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Young Lochinvar & Fair Ellen
Young Lochinvar & Fair Ellen
(Courtesy of the Young Lochinvar Hotel)

Kenmure Castle
New Galloway




[The Story of Young Lochinvar]
[William Gordon of Kenmure, Laird of Lochinvar]

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A Visit To Kenmure Castle

The Historical Background ...

The real 'Young Lochinvar' was said to be the Laird of Lochinvar, William de Gordon of Kenmure. A descendant, Robert Gordon of Muirfad, was buried in Glenluce Abbey after his death on 26th April 1548; the illegible gravestone is wrongly attributed to a Robert Gordon of Lochinvar.

The seat of the Laird (Baron) of Lochinvar was not at Lochinvar itself - this may have been grazing land with a herdsman's bothy - but at Kenmure Castle near New Galloway. The castle site was occupied by a succession of buildings from late in the 11th Century until 1900. Sadly, the lairdship was declared dormant in 1847, the McEwan family then owning the estate. The contents of Kenmure Castle were sold on the American market, in 1900. The Castle was later de-roofed to avoid paying 'roof tax' and has been deteriorating ever since.

The Castle Today ...

WARNING : DO NOT ATTEMPT TO ENTER THE CASTLE BUILDING.
IT IS EXTREMELY UNSAFE AND YOU MAY BE KILLED BY FALLING MASONRY
OR BY FALLING INTO HIDDEN VOIDS.
ONLY VIEW THE CASTLE FROM THE OUTSIDE.

The ruins of Kenmure Castle (at UK National Grid Reference NS 635765, O.S. Map 77, 1:50,000) stand amongst trees on a wooded hillock about a mile south of New Galloway. The hillock's sides appear to have been dug away to steepen them, producing a D-shape mound about forty feet above local ground level. There are the remains of a parapet-wall, much damaged, and of two distinct shelves, on the upper of which the ruins stand. The position would have been naturally suitable for a motte-and-bailey fortress of the mid-1000s, later offering good foundations and a commanding position for several rebuildings in stone.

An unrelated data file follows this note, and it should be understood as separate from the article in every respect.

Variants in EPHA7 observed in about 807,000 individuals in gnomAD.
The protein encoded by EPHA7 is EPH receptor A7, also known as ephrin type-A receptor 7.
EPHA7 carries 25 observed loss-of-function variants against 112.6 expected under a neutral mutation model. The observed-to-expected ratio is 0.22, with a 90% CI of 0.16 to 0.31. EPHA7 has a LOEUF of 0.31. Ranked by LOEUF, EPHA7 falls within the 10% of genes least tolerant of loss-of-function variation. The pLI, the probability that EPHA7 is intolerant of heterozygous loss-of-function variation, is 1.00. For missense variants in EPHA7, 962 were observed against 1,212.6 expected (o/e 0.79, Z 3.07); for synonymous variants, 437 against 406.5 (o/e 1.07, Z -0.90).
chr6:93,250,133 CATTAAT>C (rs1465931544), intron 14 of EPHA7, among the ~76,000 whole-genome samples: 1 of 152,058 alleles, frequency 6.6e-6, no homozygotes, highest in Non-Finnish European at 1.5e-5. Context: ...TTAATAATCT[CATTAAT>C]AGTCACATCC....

The writer visited the site on Tuesday 4th July 2000, parking in the now-gated former entrance and going down a green lane (the carriageway) for two hundred yards. On turning a corner, the motte came into view, the strength and elaboration of the building being manifest.

On the west side (the flat face of the 'D') the remains of the curtain wall are still apparent, the ruins of the house standing above for some fifty feet. Below the west side there is a track into an adjacent field. However, between that track and the main road are the two terraces and large central area of what may have been a formal garden.

The track taken to reach the castle spirals around and up the rounded face of the D-shaped hillock, reaching its top at the south-west corner of the castle. For the impatient, there is a stone staircase from near the centre curve of the 'D' up onto the lower of the two shelves, which may have been the bailey of the original fortress, later a garden. A large patch of nettles and some fine Elder trees show the presence of human occupation in the nitrates and phosphates fertilising them.

The long face and bottom (south face) of the 'D' are dominated by the big L-shaped house, with a fine spiral staircase housing inside the angle of the L. Through the doors and windows the collapsed remains of the staircases and floors can be seen. Above the main door and the door to the staircase, there are two much-worn coats of arms. Within the building, a mixture of stonework and late nineteenth century brickwork can be seen. On proceeding clockwise around the building, one may see that the building is in fact two wings from the remains of a rather fine tower-house of 15th or 16th century date. The main or west wing may in fact be an old manor-house of an earlier date, as much stonework has been revealed by the loss of the plaster.

One leaves the castle by returning round the long side of the castle to the stairway down to the track.

It is regretted that no kind of information board or other guidance is present, but the building would have to be made safe for general visiting. Restoration would probably cost millions of Pounds.

Pictures will be added once ready.

- Richard Edkins, 5th July 2000, webmaster@albeattie.com

WARNING : DO NOT ATTEMPT TO ENTER THE CASTLE BUILDING.
IT IS EXTREMELY UNSAFE AND YOU MAY BE KILLED BY FALLING MASONRY
OR BY FALLING INTO HIDDEN VOIDS.
ONLY VIEW THE CASTLE FROM THE OUTSIDE.

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Young Lochinvar website built by Dalbeattie Internet.
Added to Dalbeattie Domain Server on 3rd July 2000.
last updated 23rd May 2004.


Counter added
3rd July 2000.